The villain in this story is, of course, the man whom Heulwen has decided to marry. Oblivious to his atrocities, it is Adam who must bring them to light whilst trying to win Heulwen’s hand at the same time. This leads to an alluring medieval romance tale that I found to be a very entertaining read. Ms. Chadwick does a wonderful job of bringing the past to life and allowing the reader to view the romance in context. We are not viewing Heulwen and Adam as a modern couple merely living in the past, rather they are a true medieval couple. Their mannerisms and ideals are very different to our own and yet the depth of their feelings are the same. Love might very well be the only thing that has not changed throughout the centuries.

I look forward to reading the last book in the trilogy, The Leopard Unleashed.

 

I Am Livia by Phyllis T. Smith

livia I Am Livia by Phyllis T. Smith

After reading The Daughters of Palatine Hill I knew I had to read this author’s debut novel. For a debut novel I am amazed. Not only was it well-written but the clarity in which Livia’s world opened up before my eyes was unbelievable. Her story felt incredibly real to me, the thoughts she had were complexly human, and never once did I doubt that I was reading the story of a woman who actually lived. Livia was so vivid that I actually forgot that she was a character in this novel and began to view her purely as the historical figure she was. It was as if she was talking to me through the annals of history.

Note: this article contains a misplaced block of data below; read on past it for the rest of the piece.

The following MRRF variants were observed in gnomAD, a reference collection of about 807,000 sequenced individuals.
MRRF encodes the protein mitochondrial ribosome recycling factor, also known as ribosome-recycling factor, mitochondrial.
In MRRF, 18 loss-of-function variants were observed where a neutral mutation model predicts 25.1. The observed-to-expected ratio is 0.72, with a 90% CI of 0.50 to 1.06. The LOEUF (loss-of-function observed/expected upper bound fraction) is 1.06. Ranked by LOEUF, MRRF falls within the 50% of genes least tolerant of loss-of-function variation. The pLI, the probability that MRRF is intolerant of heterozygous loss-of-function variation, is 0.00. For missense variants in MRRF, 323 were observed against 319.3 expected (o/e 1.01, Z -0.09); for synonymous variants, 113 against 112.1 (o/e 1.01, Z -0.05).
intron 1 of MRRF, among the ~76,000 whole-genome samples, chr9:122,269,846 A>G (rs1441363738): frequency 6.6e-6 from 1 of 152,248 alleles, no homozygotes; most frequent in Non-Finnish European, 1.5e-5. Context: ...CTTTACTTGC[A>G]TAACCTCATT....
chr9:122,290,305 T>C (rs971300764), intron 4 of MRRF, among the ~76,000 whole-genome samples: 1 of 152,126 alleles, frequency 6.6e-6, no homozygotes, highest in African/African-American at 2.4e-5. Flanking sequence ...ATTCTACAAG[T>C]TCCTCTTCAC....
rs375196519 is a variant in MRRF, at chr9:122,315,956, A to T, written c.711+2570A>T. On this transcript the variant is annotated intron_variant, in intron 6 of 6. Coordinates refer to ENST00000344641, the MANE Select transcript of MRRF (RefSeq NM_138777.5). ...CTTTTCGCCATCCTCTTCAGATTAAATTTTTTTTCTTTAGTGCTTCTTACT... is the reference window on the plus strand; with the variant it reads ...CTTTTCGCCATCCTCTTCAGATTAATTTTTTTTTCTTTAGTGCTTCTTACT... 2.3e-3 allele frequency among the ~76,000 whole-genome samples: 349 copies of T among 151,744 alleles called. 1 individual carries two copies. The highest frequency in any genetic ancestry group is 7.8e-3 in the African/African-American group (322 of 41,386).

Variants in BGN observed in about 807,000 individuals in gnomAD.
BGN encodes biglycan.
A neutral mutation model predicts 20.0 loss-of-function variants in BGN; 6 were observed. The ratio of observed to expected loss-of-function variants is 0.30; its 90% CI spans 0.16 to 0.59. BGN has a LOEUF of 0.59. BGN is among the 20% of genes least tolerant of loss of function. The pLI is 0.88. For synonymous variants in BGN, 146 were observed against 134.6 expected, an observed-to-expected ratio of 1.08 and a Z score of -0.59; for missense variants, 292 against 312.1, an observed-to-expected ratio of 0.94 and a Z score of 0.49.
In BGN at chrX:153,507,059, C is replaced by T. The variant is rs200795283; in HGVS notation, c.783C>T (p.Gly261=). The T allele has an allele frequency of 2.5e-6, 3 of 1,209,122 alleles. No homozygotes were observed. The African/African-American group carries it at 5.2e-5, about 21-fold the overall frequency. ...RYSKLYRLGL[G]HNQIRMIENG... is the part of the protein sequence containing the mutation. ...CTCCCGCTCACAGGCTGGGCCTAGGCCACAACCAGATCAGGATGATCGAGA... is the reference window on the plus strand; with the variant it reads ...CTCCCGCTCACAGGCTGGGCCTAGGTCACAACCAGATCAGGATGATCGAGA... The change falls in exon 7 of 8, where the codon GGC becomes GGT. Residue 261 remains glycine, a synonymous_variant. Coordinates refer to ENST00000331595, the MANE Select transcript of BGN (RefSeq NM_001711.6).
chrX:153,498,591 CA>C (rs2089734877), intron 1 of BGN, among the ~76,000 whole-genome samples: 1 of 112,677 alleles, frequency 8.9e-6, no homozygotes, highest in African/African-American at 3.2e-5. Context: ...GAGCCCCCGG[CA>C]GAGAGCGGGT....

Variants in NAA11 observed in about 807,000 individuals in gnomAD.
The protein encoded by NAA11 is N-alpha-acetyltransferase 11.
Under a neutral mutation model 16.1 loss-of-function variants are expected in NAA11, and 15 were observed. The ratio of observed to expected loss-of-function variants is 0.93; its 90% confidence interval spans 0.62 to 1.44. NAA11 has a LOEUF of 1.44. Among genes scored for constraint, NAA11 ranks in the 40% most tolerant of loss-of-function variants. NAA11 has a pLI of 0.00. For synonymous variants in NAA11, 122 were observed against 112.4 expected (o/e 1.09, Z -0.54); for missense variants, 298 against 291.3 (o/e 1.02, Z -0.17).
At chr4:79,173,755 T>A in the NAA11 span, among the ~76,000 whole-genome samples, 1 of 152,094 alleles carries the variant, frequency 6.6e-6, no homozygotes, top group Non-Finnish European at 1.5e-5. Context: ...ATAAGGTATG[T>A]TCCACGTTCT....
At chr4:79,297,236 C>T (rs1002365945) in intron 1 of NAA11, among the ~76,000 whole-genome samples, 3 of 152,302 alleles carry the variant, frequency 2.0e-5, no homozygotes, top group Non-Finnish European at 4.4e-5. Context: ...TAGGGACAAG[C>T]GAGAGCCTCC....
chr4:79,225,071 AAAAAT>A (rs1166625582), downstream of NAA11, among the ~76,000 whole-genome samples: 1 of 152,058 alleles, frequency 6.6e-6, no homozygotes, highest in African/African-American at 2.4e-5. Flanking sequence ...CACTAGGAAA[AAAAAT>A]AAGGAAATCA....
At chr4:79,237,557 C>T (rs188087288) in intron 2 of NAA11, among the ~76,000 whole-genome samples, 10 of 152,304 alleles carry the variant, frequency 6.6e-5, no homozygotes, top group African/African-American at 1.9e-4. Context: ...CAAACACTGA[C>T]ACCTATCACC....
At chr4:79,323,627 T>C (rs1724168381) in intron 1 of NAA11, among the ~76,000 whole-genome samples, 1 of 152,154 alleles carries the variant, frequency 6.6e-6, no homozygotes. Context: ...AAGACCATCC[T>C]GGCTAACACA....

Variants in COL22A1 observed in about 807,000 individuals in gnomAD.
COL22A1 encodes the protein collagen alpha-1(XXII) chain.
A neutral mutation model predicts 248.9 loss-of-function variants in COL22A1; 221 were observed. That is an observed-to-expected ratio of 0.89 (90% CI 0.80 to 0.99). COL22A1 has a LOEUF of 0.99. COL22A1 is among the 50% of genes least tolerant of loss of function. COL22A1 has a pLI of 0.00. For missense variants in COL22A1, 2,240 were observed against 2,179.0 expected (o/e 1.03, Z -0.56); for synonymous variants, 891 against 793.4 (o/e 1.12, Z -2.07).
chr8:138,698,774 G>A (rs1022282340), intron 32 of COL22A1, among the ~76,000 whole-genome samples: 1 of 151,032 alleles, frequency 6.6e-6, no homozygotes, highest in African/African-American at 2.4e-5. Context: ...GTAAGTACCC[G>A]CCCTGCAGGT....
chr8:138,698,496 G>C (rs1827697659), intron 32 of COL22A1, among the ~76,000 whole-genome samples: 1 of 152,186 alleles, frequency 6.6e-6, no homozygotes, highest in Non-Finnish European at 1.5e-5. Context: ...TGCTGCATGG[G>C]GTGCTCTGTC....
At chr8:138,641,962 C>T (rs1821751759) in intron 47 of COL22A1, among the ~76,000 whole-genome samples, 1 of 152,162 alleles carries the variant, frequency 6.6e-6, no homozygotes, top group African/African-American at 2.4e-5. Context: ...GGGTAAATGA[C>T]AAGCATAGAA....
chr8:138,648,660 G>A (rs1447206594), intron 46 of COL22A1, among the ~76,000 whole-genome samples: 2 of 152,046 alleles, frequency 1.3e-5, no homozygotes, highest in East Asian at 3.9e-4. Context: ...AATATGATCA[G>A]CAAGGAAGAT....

Livia’s story is fascinating to say the least. Daughter of a staunch supporter of the Roman Republic, it is amazing that she ended up marrying Emperor Augustus; a military dictator and the first Emperor of the Roman Empire. Livia has often been portrayed as power-hungry and an “unnatural” woman for claiming the authority that she was granted as Augustus’ wife. Yet she was very intelligent, with a mind for politics, and thus she was ideally suited to life as the wife of the Emperor.

I thought it was very clever of the author to draw the comparison between Livia and Augustus’ sister, Octavia, as often as she did. Octavia was held up to be the paragon of Roman womanhood, loyal and subservient and happy to sacrifice herself for the good of the Roman people. Her  marriage to Marc Anthony was a way in which to forge a peace between him and her brother and yet it was a turbulent marriage with many difficulties for Octavia. Even after her husband shunned her and married Cleopatra of Egypt, Octavia stayed loyal to her role as peace-keeper between him and Augustus. The Roman people saw this as for their own benefit, nobody wanted another war, and thus Octavia became their darling. Compare this to the “unnatural” woman that was their Emperor’s wife and it becomes apparent why Livia may have been remembered in such a negative light.